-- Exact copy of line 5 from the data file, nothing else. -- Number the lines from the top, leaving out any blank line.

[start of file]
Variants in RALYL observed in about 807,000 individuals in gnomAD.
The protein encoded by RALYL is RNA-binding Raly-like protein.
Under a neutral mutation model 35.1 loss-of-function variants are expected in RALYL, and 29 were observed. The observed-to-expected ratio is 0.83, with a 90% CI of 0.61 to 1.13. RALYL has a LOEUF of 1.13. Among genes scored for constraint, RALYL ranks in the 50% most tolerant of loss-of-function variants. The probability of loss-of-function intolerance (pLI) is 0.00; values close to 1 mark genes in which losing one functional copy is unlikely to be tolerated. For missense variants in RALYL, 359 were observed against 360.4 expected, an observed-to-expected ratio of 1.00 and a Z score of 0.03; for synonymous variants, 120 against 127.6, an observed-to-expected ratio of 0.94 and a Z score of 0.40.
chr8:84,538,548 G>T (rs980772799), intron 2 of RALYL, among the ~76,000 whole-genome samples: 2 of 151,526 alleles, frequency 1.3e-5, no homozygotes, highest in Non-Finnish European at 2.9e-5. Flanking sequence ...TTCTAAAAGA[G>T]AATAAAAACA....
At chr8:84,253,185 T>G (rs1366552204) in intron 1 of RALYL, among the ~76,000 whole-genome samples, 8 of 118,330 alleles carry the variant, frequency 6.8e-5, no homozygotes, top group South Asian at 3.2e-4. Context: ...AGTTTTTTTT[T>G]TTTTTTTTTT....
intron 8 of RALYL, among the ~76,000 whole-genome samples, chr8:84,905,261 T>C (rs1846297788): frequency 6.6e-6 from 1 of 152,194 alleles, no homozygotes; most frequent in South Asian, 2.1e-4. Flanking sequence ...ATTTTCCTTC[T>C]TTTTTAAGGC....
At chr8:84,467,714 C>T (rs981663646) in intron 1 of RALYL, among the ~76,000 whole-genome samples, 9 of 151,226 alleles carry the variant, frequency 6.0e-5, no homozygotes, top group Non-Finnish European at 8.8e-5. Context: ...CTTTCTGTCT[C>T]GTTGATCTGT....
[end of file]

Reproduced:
At chr8:84,253,185 T>G (rs1366552204) in intron 1 of RALYL, among the ~76,000 whole-genome samples, 8 of 118,330 alleles carry the variant, frequency 6.8e-5, no homozygotes, top group South Asian at 3.2e-4. Context: ...AGTTTTTTTT[T>G]TTTTTTTTTT....